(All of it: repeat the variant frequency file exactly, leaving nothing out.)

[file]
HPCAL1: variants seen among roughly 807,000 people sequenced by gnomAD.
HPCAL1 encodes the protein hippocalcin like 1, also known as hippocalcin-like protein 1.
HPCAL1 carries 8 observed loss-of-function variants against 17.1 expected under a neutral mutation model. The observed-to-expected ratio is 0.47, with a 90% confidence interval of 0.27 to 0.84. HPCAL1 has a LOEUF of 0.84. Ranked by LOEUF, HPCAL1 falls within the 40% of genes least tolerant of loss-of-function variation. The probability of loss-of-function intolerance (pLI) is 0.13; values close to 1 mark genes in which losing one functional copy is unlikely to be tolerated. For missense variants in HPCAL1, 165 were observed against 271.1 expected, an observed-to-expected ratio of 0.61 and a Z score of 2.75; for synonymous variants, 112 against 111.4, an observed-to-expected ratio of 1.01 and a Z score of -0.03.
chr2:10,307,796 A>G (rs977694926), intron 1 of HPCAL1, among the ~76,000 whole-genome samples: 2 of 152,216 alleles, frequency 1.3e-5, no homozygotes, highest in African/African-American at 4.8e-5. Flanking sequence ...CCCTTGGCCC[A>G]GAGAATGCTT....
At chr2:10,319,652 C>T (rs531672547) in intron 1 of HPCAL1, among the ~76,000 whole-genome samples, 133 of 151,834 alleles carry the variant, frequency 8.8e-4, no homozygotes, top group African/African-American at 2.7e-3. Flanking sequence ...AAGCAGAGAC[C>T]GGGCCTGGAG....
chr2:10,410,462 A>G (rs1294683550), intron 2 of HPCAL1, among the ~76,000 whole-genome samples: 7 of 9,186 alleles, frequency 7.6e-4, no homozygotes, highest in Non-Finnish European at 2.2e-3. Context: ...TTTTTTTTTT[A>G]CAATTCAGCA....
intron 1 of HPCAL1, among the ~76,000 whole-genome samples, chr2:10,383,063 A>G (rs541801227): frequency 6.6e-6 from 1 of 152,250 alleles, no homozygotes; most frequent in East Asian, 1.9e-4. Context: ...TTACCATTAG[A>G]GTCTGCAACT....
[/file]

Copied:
HPCAL1: variants seen among roughly 807,000 people sequenced by gnomAD.
HPCAL1 encodes the protein hippocalcin like 1, also known as hippocalcin-like protein 1.
HPCAL1 carries 8 observed loss-of-function variants against 17.1 expected under a neutral mutation model. The observed-to-expected ratio is 0.47, with a 90% confidence interval of 0.27 to 0.84. HPCAL1 has a LOEUF of 0.84. Ranked by LOEUF, HPCAL1 falls within the 40% of genes least tolerant of loss-of-function variation. The probability of loss-of-function intolerance (pLI) is 0.13; values close to 1 mark genes in which losing one functional copy is unlikely to be tolerated. For missense variants in HPCAL1, 165 were observed against 271.1 expected, an observed-to-expected ratio of 0.61 and a Z score of 2.75; for synonymous variants, 112 against 111.4, an observed-to-expected ratio of 1.01 and a Z score of -0.03.
chr2:10,307,796 A>G (rs977694926), intron 1 of HPCAL1, among the ~76,000 whole-genome samples: 2 of 152,216 alleles, frequency 1.3e-5, no homozygotes, highest in African/African-American at 4.8e-5. Flanking sequence ...CCCTTGGCCC[A>G]GAGAATGCTT....
At chr2:10,319,652 C>T (rs531672547) in intron 1 of HPCAL1, among the ~76,000 whole-genome samples, 133 of 151,834 alleles carry the variant, frequency 8.8e-4, no homozygotes, top group African/African-American at 2.7e-3. Flanking sequence ...AAGCAGAGAC[C>T]GGGCCTGGAG....
chr2:10,410,462 A>G (rs1294683550), intron 2 of HPCAL1, among the ~76,000 whole-genome samples: 7 of 9,186 alleles, frequency 7.6e-4, no homozygotes, highest in Non-Finnish European at 2.2e-3. Context: ...TTTTTTTTTT[A>G]CAATTCAGCA....
intron 1 of HPCAL1, among the ~76,000 whole-genome samples, chr2:10,383,063 A>G (rs541801227): frequency 6.6e-6 from 1 of 152,250 alleles, no homozygotes; most frequent in East Asian, 1.9e-4. Context: ...TTACCATTAG[A>G]GTCTGCAACT....